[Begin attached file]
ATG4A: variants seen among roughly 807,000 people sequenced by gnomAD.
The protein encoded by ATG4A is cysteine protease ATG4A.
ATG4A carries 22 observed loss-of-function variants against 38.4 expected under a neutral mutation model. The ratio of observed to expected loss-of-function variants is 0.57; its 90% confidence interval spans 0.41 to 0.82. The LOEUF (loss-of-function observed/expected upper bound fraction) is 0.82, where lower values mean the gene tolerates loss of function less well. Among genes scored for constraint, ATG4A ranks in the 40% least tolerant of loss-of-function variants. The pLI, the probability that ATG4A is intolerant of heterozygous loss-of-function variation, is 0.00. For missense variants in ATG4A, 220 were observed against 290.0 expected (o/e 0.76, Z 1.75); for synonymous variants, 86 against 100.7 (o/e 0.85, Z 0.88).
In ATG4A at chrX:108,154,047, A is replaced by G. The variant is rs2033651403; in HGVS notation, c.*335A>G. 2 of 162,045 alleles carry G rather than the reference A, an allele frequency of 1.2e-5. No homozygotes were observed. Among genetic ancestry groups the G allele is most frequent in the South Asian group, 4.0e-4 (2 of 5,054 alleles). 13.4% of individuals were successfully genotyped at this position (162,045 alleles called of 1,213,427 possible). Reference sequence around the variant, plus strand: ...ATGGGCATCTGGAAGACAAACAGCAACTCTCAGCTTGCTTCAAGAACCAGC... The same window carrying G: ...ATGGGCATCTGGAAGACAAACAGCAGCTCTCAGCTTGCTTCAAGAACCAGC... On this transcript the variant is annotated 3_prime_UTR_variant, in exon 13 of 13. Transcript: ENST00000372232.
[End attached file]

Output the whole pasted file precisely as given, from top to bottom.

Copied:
ATG4A: variants seen among roughly 807,000 people sequenced by gnomAD.
The protein encoded by ATG4A is cysteine protease ATG4A.
ATG4A carries 22 observed loss-of-function variants against 38.4 expected under a neutral mutation model. The ratio of observed to expected loss-of-function variants is 0.57; its 90% confidence interval spans 0.41 to 0.82. The LOEUF (loss-of-function observed/expected upper bound fraction) is 0.82, where lower values mean the gene tolerates loss of function less well. Among genes scored for constraint, ATG4A ranks in the 40% least tolerant of loss-of-function variants. The pLI, the probability that ATG4A is intolerant of heterozygous loss-of-function variation, is 0.00. For missense variants in ATG4A, 220 were observed against 290.0 expected (o/e 0.76, Z 1.75); for synonymous variants, 86 against 100.7 (o/e 0.85, Z 0.88).
In ATG4A at chrX:108,154,047, A is replaced by G. The variant is rs2033651403; in HGVS notation, c.*335A>G. 2 of 162,045 alleles carry G rather than the reference A, an allele frequency of 1.2e-5. No homozygotes were observed. Among genetic ancestry groups the G allele is most frequent in the South Asian group, 4.0e-4 (2 of 5,054 alleles). 13.4% of individuals were successfully genotyped at this position (162,045 alleles called of 1,213,427 possible). Reference sequence around the variant, plus strand: ...ATGGGCATCTGGAAGACAAACAGCAACTCTCAGCTTGCTTCAAGAACCAGC... The same window carrying G: ...ATGGGCATCTGGAAGACAAACAGCAGCTCTCAGCTTGCTTCAAGAACCAGC... On this transcript the variant is annotated 3_prime_UTR_variant, in exon 13 of 13. Transcript: ENST00000372232.